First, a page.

Article Abstract

Traps and trumps from adjacent-to-tumor samples in gastric cancer research

Authors: Paulo Pimentel de Assumpção, André Salim Khayat, Taíssa Maíra Thomaz Araújo, Williams Fernandes Barra, Geraldo Ishak, Aline Maria Pereira Cruz Ramos, Sidney Emanuel Batista dos Santos, Ândrea Kely Campos Ribeiro dos Santos, Samia Demachki, Paula Baraúna de Assumpção, Danielle Queiroz Calcagno, Ney Pereira Carneiro dos Santos, Mônica Baraúna de Assumpção, Fabiano Cordeiro Moreira, André Maurício Ribeiro dos Santos, Carolina Baraúna de Assumpção, Gregory Joseph Riggins, Rommel Mario Rodríguez Burbano


The search for cancer biomarkers is frequently based on comparisons between tumors and adjacent-to-tumor samples. However, even after histological confirmation of been free of cancer cells, these adjacent-to-tumor samples might harbor molecular alterations which are not sufficient to cause them to look like cancer, but can differentiate these cells from normal cells. When comparing them, potential biomarkers are missed, and mainly the opportunity of finding initial aberrations presents in both tumors and adjacent samples, but not in true normal samples from non-cancer patients, resulting in misinterpretations about the carcinogenic process. Nevertheless, collecting adjacent-to-tumor samples brings trumps to be explored. The addition of samples from non-cancer patients opens an opportunity to increase the finds of the molecular cascade of events in the carcinogenic process. Differences between normal samples and adjacent samples might represent the first steps of the carcinogenic process. Adding samples of non-cancer patients to the analysis of molecular alterations relevant to the carcinogenic process opens a new window of opportunities to the discovery of cancer biomarkers and molecular targets.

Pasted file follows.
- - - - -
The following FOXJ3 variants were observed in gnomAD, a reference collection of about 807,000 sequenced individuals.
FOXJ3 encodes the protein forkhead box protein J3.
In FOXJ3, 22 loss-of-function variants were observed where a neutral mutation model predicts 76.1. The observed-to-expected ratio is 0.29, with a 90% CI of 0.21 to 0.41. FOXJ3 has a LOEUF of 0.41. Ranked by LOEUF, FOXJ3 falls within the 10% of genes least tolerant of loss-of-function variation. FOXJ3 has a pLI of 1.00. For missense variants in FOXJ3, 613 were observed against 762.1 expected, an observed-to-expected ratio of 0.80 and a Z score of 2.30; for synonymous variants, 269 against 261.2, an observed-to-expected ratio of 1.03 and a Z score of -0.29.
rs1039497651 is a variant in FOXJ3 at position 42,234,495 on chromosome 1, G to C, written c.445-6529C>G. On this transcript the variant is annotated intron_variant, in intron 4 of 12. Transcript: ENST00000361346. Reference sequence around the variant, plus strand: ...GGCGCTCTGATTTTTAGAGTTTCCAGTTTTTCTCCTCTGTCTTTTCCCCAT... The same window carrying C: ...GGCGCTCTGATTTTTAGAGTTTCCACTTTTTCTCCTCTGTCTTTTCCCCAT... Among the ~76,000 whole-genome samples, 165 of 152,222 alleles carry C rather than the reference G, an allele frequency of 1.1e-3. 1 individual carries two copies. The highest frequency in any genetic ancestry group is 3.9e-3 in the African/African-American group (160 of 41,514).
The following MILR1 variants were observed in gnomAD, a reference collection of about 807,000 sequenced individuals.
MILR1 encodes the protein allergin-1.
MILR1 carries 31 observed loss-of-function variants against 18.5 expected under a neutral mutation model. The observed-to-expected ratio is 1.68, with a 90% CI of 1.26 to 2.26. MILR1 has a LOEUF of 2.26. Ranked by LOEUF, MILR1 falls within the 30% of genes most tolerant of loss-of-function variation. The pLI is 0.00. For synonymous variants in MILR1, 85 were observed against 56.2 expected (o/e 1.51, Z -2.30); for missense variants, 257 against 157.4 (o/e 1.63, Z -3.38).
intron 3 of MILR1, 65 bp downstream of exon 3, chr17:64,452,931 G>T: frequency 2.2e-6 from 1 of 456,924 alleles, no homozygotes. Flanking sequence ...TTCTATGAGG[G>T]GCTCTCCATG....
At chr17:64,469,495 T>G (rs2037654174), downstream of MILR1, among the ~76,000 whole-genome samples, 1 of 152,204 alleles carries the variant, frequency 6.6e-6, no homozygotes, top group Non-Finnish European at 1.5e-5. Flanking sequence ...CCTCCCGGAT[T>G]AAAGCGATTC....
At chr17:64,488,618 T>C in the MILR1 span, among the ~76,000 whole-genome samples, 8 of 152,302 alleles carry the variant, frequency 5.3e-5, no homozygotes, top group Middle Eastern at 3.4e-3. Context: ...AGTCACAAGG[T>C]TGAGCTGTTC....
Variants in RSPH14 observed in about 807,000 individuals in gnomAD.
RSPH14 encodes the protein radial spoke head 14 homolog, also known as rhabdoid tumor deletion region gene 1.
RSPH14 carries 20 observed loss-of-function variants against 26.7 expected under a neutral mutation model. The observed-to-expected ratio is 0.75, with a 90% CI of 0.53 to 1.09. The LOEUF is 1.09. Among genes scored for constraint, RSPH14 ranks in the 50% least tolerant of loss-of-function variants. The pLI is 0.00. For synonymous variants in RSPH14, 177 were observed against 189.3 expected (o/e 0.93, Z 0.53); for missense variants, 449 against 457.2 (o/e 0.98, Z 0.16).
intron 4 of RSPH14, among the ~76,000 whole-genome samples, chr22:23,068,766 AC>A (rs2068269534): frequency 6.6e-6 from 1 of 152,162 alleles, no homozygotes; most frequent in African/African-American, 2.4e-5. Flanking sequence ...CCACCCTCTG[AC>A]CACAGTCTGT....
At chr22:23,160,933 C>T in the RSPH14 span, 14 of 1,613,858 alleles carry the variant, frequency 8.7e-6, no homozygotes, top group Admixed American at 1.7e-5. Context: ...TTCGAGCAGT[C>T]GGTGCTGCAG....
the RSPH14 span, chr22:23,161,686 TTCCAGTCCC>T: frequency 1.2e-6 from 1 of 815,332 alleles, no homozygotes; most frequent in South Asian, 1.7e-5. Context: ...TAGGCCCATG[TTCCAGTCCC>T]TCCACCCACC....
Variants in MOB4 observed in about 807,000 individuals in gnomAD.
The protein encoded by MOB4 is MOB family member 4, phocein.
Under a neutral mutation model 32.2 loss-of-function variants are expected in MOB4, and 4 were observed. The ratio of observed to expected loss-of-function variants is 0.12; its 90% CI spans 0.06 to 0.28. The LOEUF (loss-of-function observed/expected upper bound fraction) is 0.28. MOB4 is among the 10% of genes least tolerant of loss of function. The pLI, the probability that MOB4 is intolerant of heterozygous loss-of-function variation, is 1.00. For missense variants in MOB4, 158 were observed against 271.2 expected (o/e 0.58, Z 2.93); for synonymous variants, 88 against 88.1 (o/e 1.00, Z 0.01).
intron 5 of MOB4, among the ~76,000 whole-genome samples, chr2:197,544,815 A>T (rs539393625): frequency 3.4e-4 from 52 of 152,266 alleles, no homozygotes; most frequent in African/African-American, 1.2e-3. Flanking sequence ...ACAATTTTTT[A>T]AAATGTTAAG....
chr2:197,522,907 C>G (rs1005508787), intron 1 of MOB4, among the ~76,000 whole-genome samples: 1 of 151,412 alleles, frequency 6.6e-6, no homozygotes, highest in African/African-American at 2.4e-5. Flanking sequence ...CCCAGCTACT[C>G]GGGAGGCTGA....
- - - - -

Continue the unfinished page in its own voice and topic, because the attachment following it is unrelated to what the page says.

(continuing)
Keywords: Adjacent-to-tumor; trumps; traps